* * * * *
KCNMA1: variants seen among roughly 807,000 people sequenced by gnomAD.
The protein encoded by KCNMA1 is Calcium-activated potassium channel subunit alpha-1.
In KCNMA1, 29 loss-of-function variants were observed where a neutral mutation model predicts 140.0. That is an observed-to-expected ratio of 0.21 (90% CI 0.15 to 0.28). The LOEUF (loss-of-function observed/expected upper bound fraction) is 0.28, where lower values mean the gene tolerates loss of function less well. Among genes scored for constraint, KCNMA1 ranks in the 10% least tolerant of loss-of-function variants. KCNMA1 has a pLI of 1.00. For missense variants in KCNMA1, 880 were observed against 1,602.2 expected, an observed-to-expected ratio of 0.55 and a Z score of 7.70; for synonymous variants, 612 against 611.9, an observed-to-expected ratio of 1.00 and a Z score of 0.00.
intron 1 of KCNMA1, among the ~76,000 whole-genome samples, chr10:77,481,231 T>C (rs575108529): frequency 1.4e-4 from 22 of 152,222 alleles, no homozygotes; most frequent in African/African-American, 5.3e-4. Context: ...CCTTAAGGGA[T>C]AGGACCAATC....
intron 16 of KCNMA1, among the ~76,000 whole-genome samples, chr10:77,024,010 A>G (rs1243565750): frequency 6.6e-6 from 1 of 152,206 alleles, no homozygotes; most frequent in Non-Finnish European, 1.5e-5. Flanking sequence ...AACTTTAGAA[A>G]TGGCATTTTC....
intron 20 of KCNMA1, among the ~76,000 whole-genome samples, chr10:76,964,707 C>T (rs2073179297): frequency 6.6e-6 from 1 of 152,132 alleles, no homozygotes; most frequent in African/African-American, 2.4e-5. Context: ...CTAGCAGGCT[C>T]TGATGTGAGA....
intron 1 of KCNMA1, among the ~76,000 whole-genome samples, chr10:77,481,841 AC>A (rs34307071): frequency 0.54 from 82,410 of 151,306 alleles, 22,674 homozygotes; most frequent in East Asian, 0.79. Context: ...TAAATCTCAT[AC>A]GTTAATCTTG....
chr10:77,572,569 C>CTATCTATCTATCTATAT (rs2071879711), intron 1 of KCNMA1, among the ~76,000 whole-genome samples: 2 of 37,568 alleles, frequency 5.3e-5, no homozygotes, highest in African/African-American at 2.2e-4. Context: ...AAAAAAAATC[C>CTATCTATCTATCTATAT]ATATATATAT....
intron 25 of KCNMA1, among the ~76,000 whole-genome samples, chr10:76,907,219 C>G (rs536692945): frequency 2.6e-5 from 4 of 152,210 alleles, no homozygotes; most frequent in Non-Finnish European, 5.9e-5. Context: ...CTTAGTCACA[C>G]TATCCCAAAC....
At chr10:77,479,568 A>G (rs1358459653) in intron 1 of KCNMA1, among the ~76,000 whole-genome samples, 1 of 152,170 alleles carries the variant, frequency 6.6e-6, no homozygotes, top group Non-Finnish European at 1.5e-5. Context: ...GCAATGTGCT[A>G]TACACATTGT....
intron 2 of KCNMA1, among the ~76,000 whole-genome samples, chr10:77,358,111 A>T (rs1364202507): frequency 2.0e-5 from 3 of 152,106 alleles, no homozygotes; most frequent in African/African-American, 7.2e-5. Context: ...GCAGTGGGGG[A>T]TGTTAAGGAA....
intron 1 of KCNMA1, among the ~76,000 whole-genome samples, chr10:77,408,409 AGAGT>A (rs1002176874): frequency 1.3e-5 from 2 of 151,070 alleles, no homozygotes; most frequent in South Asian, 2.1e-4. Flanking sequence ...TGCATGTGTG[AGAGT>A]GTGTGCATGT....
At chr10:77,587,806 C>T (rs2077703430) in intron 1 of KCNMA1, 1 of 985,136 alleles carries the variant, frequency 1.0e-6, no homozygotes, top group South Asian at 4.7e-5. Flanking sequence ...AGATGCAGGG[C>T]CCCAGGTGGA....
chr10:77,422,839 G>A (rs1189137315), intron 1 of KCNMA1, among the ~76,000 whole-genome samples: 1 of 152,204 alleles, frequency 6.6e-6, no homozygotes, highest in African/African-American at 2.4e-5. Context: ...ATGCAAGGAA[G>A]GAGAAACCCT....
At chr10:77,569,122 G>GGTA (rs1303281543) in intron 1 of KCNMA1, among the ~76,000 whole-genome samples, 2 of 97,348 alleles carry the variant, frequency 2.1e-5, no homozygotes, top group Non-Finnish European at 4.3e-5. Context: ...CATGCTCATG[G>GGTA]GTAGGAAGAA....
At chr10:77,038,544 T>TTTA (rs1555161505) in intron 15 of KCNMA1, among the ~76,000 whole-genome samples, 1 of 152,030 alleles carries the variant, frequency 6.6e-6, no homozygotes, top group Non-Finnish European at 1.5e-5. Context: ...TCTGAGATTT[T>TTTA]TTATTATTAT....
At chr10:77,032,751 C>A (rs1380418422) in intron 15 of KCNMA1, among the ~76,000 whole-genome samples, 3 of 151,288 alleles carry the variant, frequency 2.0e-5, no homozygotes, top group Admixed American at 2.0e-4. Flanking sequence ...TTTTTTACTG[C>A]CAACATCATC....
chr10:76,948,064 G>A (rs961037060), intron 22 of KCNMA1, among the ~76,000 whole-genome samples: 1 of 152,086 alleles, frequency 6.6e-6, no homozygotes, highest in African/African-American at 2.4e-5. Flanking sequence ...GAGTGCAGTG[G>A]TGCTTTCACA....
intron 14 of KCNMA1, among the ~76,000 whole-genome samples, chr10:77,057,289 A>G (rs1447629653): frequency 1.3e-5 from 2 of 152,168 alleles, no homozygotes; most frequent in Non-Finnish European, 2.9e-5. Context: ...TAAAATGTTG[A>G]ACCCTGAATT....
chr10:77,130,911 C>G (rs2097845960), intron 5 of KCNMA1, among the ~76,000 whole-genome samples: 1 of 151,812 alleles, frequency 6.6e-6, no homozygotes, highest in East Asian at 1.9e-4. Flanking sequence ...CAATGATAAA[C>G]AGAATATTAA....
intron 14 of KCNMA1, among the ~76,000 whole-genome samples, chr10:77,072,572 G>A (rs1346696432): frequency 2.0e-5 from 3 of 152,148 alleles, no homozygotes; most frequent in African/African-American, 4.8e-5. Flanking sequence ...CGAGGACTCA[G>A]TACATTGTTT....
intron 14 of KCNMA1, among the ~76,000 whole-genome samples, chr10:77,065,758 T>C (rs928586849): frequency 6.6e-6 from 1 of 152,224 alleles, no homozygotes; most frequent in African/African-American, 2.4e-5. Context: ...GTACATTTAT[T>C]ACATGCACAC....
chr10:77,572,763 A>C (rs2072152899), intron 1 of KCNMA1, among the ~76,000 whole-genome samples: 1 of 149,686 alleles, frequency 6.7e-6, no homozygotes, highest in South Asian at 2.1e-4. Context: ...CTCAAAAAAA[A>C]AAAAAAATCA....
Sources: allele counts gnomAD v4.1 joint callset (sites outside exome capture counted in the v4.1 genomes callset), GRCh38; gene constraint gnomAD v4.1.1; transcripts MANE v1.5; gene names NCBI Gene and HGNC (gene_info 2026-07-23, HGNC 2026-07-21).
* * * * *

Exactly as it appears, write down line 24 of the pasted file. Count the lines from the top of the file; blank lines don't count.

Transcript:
Sources: allele counts gnomAD v4.1 joint callset (sites outside exome capture counted in the v4.1 genomes callset), GRCh38; gene constraint gnomAD v4.1.1; transcripts MANE v1.5; gene names NCBI Gene and HGNC (gene_info 2026-07-23, HGNC 2026-07-21).